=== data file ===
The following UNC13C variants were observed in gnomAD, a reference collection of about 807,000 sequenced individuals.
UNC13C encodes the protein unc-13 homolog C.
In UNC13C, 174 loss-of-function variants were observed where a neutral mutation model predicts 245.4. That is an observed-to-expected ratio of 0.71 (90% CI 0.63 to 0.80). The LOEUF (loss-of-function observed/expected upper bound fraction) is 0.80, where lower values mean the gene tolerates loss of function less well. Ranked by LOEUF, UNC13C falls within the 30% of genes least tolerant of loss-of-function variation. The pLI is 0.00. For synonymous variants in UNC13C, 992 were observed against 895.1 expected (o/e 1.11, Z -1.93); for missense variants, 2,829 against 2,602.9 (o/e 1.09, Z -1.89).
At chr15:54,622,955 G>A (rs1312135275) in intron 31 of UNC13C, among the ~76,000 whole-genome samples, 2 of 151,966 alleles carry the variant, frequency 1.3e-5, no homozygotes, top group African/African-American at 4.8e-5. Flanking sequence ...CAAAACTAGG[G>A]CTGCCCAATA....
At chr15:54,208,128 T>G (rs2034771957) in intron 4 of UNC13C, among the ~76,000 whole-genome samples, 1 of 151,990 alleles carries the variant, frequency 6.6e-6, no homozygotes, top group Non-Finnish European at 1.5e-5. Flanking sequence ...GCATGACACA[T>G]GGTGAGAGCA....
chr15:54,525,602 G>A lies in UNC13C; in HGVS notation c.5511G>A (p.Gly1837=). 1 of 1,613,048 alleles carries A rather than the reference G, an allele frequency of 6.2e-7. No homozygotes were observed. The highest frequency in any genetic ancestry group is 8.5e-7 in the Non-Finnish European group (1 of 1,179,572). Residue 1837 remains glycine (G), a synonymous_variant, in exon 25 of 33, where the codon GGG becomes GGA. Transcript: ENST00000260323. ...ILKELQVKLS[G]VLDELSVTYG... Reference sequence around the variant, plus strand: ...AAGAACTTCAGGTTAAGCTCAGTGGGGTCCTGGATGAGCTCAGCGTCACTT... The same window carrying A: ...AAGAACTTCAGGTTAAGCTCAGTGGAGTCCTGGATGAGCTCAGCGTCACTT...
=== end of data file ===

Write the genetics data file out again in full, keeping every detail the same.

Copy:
The following UNC13C variants were observed in gnomAD, a reference collection of about 807,000 sequenced individuals.
UNC13C encodes the protein unc-13 homolog C.
In UNC13C, 174 loss-of-function variants were observed where a neutral mutation model predicts 245.4. That is an observed-to-expected ratio of 0.71 (90% CI 0.63 to 0.80). The LOEUF (loss-of-function observed/expected upper bound fraction) is 0.80, where lower values mean the gene tolerates loss of function less well. Ranked by LOEUF, UNC13C falls within the 30% of genes least tolerant of loss-of-function variation. The pLI is 0.00. For synonymous variants in UNC13C, 992 were observed against 895.1 expected (o/e 1.11, Z -1.93); for missense variants, 2,829 against 2,602.9 (o/e 1.09, Z -1.89).
At chr15:54,622,955 G>A (rs1312135275) in intron 31 of UNC13C, among the ~76,000 whole-genome samples, 2 of 151,966 alleles carry the variant, frequency 1.3e-5, no homozygotes, top group African/African-American at 4.8e-5. Flanking sequence ...CAAAACTAGG[G>A]CTGCCCAATA....
At chr15:54,208,128 T>G (rs2034771957) in intron 4 of UNC13C, among the ~76,000 whole-genome samples, 1 of 151,990 alleles carries the variant, frequency 6.6e-6, no homozygotes, top group Non-Finnish European at 1.5e-5. Flanking sequence ...GCATGACACA[T>G]GGTGAGAGCA....
chr15:54,525,602 G>A lies in UNC13C; in HGVS notation c.5511G>A (p.Gly1837=). 1 of 1,613,048 alleles carries A rather than the reference G, an allele frequency of 6.2e-7. No homozygotes were observed. The highest frequency in any genetic ancestry group is 8.5e-7 in the Non-Finnish European group (1 of 1,179,572). Residue 1837 remains glycine (G), a synonymous_variant, in exon 25 of 33, where the codon GGG becomes GGA. Transcript: ENST00000260323. ...ILKELQVKLS[G]VLDELSVTYG... Reference sequence around the variant, plus strand: ...AAGAACTTCAGGTTAAGCTCAGTGGGGTCCTGGATGAGCTCAGCGTCACTT... The same window carrying A: ...AAGAACTTCAGGTTAAGCTCAGTGGAGTCCTGGATGAGCTCAGCGTCACTT...